It began with the characters' names. The most "normal" female names were Layla and Mercedes. The more oddball names were Diamond, Shasta, Zizi, and Magnificent (you *don't* want to know her full name!) I found these names to be rather distracting, as I just kept waiting to hear/read what the next introduced character's name would be.

The dialogue was the main problem, however. The first time a character said "true that," I grimaced. (Even if real teens actually say this, I think they say it in a mocking/amusing way, and they would likely say "true dat" with some dramatic flair.) Imagine my discomfort when that phrase was repeated at least 4 more times. Another piece of dialogue that did not ring true was "you trippin',"; I actually asked my friend, when I was telling her about the book and the awful dialogue, "is this 1997?" Another example of the lack of timeliness with the dialogue was a character calling something "super fresh." I'm not kidding. All of these dated phrases made the dialogue feel very artificial and out of place (and time!) There is a point at which one of the main characters, the girl who is abducted and missing and the focus of the book is thinking about what she'd say to her friends if she could speak to them. Instead of a heartfelt, emotional plea for her friends and family to find her and/or praying to be found/released, the author has her thinking these slang-ridden messages that seem to take the horror of her situation very lightly.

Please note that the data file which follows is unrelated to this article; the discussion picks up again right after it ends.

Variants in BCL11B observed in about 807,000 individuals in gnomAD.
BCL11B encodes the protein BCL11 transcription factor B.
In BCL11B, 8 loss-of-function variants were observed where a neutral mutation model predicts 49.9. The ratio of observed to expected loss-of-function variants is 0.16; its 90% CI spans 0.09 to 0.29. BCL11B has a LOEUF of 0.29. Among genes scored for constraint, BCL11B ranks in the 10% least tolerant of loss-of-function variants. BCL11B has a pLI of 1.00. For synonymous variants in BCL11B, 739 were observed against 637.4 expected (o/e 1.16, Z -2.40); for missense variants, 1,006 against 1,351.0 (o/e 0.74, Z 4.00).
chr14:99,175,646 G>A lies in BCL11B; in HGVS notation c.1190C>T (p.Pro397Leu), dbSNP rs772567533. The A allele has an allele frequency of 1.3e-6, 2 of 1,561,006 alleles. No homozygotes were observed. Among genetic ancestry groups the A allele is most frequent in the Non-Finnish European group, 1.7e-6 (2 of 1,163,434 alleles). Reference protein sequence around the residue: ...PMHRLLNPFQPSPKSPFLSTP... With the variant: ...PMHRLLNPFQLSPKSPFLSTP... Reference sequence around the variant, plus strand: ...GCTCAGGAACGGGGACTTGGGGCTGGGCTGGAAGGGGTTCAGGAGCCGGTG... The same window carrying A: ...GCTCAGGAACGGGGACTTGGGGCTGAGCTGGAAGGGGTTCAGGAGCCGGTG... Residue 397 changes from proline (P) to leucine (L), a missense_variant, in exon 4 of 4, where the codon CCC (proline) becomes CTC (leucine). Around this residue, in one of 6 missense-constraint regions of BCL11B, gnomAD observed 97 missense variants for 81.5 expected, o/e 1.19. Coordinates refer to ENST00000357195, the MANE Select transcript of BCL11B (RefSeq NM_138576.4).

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1 of 1 people found the following review helpful By Kindle Customer on April 14, 2014
Format: Kindle Edition Verified Purchase
This is a great five star read like so many other books by this author. Even though the characters and story lines aren't true it seemed so real from all three characters stories from the narration it never seemed like Diamond really didn't get kidnapped or abducted, Justin feeling out of place because he's the only male dancer on top of missing his mom and liking Layla even though she's talking or Layla having problems with her abusive boyfriend, dad in jail and having a mother who is always absent. All in all it was a good read.
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1 of 1 people found the following review helpful By Kendall m on February 20, 2014
Format: Kindle Edition Verified Purchase
I am only 11 and I am a very picky reader I really don't like to read and I loved this book it was outstanding it is slightly inappropriate for kid maybe 11 and younger because it kind of has to do with porn and sexual abuse like they were video tapering a 15 year old girl having sex with an older man and there are some bad words in the book but otherwise the book was written fabulously and I'm definitely going to rad another one of her books again and be careful about trusting people so yer I am recommending this book for anyone cuz it was AMAZING. : ) !!!!!!!!!!!!! Buy this book now
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By gulf beaches public library on August 13, 2014
Format: Hardcover
Draper's Out of My Mind is such a crowd pleaser with my library kid crowd that I was eager to read Panic. So disappointed! Was Draper Panicked when she wrote it? Out of Her Mind? First of all, the dialog made me cringe. It was so imitation teenager that it condemned the whole narrative to the realm of unbelievability. Second, the combination of a lovely dance studio with teen dating with abduction and rape just set my teeth on edge. Somehow, the ballet background trivialized the horror of Diamond's abduction, trivialized it and then rendered it too unbelievable. It's too bad, because the theme is an important one for kids to read about but not in this format.